"The commands are given, the companies break into column....hardy, dashing looking fellows, those men, tanned up in their march from Fort Scott, from whence they have just joined us....The men are nearly all quite young....They are mounted on the best American horses, all of them being upwards of fifteen hands in height."
Lt. J. Henry Carleton, describing the departure from Fort Leavenworth of the 1844 expedition to Pawnee villages
In front of you stand the reconstructed barracks and stables of Fort Scott's dragoons. Forerunners of the cavalry, dragoons fought on horseback and foot.
Dragoons were assigned to Fort Scott to protect trade and enforce Indian policy. Each summer from 1843 to 1845, they patrolled the Santa Fe and Oregon Trails, protecting travelers and contacting Indian tribes. In June 1846 they left here for the Mexican War, where they earned distinction at the battle of Buena Vista.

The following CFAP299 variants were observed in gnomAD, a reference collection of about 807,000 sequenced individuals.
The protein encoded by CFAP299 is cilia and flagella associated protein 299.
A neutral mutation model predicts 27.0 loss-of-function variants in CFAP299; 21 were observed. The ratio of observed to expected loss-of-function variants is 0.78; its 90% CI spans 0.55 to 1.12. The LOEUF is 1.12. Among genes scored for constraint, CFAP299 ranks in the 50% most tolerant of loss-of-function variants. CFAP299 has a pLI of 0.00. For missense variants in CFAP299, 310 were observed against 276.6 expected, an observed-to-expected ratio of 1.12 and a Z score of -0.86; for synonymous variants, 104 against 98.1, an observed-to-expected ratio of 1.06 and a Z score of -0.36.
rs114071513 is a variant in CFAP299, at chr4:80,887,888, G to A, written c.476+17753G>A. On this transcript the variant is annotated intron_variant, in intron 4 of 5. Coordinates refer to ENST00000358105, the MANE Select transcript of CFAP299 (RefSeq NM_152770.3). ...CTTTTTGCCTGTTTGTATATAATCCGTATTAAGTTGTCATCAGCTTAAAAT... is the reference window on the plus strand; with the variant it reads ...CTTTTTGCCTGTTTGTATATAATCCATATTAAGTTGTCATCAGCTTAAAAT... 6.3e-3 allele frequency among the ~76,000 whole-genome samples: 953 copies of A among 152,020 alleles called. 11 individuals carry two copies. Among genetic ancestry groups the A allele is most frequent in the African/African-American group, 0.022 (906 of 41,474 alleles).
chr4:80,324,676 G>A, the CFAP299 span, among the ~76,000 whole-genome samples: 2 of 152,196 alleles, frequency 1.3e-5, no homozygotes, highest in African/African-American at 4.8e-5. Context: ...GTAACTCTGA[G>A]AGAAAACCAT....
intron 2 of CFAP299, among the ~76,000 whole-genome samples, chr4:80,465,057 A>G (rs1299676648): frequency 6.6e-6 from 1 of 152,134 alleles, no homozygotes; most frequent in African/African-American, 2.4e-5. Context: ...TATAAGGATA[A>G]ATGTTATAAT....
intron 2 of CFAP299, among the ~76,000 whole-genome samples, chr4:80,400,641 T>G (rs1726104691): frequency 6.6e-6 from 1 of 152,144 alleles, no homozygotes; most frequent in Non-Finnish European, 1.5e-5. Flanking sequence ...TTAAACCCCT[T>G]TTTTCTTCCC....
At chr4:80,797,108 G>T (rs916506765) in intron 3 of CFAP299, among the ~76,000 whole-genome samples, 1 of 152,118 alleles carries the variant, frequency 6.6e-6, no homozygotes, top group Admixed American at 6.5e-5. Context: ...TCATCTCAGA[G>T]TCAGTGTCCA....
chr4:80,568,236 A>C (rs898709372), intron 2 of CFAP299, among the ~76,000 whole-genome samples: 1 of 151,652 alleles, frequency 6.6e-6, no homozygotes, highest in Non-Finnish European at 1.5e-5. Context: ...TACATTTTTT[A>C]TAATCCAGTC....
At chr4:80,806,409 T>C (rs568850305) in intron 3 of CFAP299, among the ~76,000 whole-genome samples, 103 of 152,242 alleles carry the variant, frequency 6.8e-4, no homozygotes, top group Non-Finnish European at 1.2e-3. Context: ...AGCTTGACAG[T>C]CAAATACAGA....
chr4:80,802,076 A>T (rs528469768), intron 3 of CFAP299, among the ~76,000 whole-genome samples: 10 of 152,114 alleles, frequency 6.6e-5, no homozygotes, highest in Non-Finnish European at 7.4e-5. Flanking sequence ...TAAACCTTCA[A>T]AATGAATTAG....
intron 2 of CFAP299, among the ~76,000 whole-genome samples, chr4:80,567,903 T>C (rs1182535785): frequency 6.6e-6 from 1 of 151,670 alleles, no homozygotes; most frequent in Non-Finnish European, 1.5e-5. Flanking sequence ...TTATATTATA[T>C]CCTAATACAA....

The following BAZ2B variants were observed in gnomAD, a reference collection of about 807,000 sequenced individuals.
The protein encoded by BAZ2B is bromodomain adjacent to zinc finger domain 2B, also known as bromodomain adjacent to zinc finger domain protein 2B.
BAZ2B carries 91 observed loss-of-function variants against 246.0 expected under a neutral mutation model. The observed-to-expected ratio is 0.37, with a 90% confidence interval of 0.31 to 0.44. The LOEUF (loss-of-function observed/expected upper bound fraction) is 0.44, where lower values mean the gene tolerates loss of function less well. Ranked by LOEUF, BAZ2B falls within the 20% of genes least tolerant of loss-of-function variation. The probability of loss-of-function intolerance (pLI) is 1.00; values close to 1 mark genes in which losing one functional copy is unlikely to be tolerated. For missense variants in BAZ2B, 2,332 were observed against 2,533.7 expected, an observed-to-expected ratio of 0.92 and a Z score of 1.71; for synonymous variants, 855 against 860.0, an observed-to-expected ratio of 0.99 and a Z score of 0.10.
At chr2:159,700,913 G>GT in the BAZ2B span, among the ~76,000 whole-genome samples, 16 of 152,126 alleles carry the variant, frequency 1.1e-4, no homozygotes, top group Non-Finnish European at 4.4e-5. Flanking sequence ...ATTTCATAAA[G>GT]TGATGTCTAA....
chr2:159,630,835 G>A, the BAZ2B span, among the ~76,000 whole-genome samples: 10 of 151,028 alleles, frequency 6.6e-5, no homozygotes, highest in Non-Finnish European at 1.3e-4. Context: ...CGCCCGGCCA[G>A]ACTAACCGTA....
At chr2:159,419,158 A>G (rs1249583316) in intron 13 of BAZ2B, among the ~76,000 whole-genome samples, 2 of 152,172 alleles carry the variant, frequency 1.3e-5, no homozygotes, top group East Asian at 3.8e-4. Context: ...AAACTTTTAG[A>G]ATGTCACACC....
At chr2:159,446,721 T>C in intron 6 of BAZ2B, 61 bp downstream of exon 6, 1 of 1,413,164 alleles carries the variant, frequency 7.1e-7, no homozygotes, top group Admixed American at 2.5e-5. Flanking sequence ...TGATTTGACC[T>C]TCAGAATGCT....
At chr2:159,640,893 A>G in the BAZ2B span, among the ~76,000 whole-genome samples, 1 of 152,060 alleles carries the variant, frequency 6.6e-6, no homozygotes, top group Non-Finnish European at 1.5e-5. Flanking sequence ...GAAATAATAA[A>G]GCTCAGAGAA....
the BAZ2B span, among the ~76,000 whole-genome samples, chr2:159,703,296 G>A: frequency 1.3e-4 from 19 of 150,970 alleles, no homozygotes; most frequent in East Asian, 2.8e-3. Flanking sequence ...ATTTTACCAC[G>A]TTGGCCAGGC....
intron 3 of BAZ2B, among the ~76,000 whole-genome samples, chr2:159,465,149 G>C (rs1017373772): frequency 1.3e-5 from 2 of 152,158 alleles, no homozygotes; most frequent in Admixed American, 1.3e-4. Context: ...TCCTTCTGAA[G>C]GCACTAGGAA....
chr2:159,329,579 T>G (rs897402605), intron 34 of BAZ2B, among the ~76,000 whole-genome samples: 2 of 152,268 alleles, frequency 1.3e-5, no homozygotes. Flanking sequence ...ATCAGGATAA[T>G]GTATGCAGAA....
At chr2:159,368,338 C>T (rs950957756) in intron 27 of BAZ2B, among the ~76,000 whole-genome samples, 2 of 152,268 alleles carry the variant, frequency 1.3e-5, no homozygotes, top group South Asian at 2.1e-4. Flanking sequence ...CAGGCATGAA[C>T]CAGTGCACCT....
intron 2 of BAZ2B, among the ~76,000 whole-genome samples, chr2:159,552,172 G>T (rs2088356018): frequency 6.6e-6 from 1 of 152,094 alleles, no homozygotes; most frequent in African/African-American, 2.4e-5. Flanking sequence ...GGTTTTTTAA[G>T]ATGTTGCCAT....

Dragoons of Company A (above) retrieve their mounts from the stables as they prepare to explore the Great Plains. Missions from Fort Scott into the Great Plains included one of the U.S. Army's first ventures into the Rocky Mountains.
Fort Scott's dragoons helped open the West and, ironically, hasten the end of the "Permanent Indian Frontier" for which the fort had been built.